Saturday was Hockey Day in Canada, which is another way of saying we’re grateful for what we have in this game.
Hockey Day sometimes offers a rare matinee at Scotiabank Place — who doesn’t love afternoon hockey? — for fans not fortunate enough to be out skating and playing hockey themselves.
On Hockey Day, we give thanks for networks like CBC, TSN and Sportsnet that bring us an embarrassment of riches throughout the hockey season. Viewers today won’t believe that Hockey Night in Canada was once just that – a single hockey night broadcast, Foster Hewitt’s call on Saturday night; early on, it was joined in progress at 8 p.m. The other nights of the week were dark.
Today the expectation for puckheads is wall to wall broadcasts, particularly the keeners who sign on to hockey packages.
For all manner of viewers, Saturday was a special treat, with such all-Canadian matchups on CBC as Ottawa-Edmonton, the classic matchup of the Montreal Canadiens vs. The Toronto Maple Leafs in Toronto and a late treat when the Calgary Flames played host to the Vancouver Canucks.
Saturday marked the completion of defenceman Chris Phillips’ tribute for 1,000 games played, all in a Senators uniform. Flanked by his wife, Erin, and three young children, Ben, Zoe and Niomi, the Big Rig spoke from the heart in thanking the organization, his teammates, family and fans for making these past few days and the past 15 years, special.
Like Senators captain Daniel Alfredsson before him, Phillips received a silver stick, silver puck, a watch, a portrait from artist Tony Harris and tiffany crystal presented by NHL senior vice-president Jim Gregory.
Players appreciate what it takes to play a thousand games in this league, especially a veteran like Ryan Smyth of the Oilers, Captain Canada himself. When the official presentation was over, Smyth skated over to the a Senators bench and gave the Big Rig a hug, an all-Albertan embrace.
Smyth has played 1,124 NHL games, and it’s unfortunate they weren’t all in an Oilers uniform. But he’s back in Edmonton and productive, and all is well with the world . . . on Hockey Day.
Alfredsson, that adopted Canadian from Sweden, has come to appreciate the day for more than just the fact Canadian-born players have to put money on the board in the dressing room.
“I had no idea, I think it was later in my first year that I finally figured out that there was a national channel in the country…that ran this show on Saturday,” Alfredsson said, referring to HNIC. “(Hockey Day) is a great tradition and they do a really good job of going to the grassroots of the game.
“To me, it feels like they could go to an igloo up north and there would still be the same interest there is in Vancouver or Toronto – it’s amazing.”
For the Oilers’ matinee idol on Saturday, overtime hero Taylor Hall, Hockey Day sparks memories of growing up in Calgary and Kingston on outdoor rinks, including the backyard sheet his father, Steve, flooded religiously.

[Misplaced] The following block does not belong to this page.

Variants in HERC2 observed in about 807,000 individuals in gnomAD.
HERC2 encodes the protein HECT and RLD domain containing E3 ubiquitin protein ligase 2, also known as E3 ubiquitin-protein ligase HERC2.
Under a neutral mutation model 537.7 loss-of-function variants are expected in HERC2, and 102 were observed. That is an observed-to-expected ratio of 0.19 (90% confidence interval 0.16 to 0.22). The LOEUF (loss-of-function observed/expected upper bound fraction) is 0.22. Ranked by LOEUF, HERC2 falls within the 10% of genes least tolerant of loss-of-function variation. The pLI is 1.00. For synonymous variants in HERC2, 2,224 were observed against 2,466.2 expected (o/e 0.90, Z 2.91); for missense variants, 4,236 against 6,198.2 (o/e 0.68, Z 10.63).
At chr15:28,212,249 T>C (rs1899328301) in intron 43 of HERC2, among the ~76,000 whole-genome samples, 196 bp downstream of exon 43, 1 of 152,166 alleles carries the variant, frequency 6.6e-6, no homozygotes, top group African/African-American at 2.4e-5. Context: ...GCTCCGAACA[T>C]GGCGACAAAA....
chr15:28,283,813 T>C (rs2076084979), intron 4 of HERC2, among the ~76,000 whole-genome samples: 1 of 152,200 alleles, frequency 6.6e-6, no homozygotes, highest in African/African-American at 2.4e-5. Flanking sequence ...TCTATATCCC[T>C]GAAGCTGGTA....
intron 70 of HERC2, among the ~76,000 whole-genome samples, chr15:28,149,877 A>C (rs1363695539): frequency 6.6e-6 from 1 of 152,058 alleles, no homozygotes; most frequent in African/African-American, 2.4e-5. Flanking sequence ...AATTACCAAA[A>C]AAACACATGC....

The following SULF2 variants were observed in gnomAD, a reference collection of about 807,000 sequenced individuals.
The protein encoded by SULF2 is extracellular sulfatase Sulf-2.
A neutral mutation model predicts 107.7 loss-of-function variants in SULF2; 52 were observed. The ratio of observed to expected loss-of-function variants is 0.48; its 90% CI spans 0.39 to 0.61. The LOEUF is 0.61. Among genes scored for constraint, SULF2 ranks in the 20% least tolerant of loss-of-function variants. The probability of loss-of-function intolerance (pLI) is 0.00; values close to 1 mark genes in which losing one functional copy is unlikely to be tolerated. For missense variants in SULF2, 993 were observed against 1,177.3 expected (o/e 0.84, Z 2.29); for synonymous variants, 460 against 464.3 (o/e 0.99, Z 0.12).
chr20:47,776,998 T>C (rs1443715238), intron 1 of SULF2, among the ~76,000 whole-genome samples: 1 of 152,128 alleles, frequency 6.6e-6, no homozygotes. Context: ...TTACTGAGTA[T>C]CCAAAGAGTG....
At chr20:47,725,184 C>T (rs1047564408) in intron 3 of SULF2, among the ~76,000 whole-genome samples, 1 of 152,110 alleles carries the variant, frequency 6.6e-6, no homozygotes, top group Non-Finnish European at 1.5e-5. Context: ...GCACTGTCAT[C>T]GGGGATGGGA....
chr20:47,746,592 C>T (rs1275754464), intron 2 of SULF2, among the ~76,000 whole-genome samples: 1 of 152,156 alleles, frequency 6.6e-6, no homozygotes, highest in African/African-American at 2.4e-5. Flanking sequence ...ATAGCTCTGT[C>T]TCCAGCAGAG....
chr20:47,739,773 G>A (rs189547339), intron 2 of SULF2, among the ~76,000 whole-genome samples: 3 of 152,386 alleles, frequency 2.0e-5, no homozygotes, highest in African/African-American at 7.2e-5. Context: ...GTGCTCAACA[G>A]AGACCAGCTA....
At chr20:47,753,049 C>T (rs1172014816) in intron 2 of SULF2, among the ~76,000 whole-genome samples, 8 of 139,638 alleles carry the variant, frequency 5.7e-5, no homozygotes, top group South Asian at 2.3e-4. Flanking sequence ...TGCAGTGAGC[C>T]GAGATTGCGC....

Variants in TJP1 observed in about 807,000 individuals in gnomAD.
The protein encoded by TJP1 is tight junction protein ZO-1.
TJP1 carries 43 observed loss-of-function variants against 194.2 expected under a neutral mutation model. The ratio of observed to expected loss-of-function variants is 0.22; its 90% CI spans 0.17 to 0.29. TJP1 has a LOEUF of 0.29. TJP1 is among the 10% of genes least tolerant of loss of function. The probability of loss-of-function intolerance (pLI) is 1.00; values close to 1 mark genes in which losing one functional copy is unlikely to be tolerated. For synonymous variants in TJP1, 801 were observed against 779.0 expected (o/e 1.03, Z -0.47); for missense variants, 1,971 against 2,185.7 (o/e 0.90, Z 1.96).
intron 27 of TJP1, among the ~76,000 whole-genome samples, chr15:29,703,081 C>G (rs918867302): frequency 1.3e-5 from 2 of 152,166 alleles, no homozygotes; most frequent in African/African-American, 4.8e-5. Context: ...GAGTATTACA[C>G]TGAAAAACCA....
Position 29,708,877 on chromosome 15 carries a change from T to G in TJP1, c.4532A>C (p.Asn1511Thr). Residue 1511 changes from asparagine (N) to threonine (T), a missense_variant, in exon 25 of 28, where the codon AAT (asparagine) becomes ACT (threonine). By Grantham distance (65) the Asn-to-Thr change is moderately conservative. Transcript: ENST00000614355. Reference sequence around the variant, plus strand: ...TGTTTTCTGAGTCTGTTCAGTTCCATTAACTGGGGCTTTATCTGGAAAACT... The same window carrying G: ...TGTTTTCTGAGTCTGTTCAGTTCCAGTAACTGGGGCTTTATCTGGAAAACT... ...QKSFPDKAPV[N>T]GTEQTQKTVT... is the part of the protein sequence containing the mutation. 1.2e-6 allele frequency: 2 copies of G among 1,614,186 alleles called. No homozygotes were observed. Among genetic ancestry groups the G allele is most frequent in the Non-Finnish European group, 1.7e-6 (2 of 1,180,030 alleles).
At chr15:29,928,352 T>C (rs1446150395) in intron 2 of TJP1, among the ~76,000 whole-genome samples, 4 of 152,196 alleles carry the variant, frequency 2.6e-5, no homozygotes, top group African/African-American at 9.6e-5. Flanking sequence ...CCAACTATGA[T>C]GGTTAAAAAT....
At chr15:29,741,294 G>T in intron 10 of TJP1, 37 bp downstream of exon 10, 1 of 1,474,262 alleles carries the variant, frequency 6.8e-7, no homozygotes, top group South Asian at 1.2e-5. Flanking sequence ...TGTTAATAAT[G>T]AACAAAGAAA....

“I remember playing outdoor hockey all day and coming in for some hot chocolate or whatever, and watching Hockey Night in Canada, and going out and playing some more,” Hall says.
Still just 20, Hall was a small boy when the concept of a national day to celebrate the game was conceived 12 years ago.
“It was always a fun day as a kid, to see all the Canadian teams in action,” Hall says. “To be a part of it (now) at such a young age is special, and I’ve got my family here, to make it even greater.”
On Hockey Day…
We salute the 22 busloads of Quebec Nordiques fans who made the trek to Scotiabank Place as part of their pledge to return NHL hockey to the Quebec capital. It was 16 years ago that Quebec lost the Nordiques, and to commemorate the heartbreak, fans counted down to the 16 minute mark of each period Saturday, and then stood up and cheered for a solid minute.
Let’s hope they get their team back soon, because they’re starting to run out of minutes in the period.
With the Jets back in Winnipeg, the Nords are the final piece of the Canadian puzzle – at least until Hamilton also get its team.
On Hockey Day, anything seems possible. And not just at the elite level…
We give thanks to the thousands of volunteers who make minor hockey and school hockey programs sing from coast to coast to coast.
We salute the outdoor maintenance crews wielding hoses and shovels at the midnight hour on community rinks, so children (including kids that never grow up) can play shinny the next day.
We salute the moms and dads who set alarms for the 7 a.m. practice. Kids don’t understand the sacrifice because for them it isn’t one.
We give thanks for the days when the pond, the river, the local lac freezes just so, a fresh sheet of wind-polished glass.
And finally, we pray for the family of 15-year-old Tyler Kerr, the Richmond boy who died from cardiac arrest while playing the game he loves. He is forever in hearts.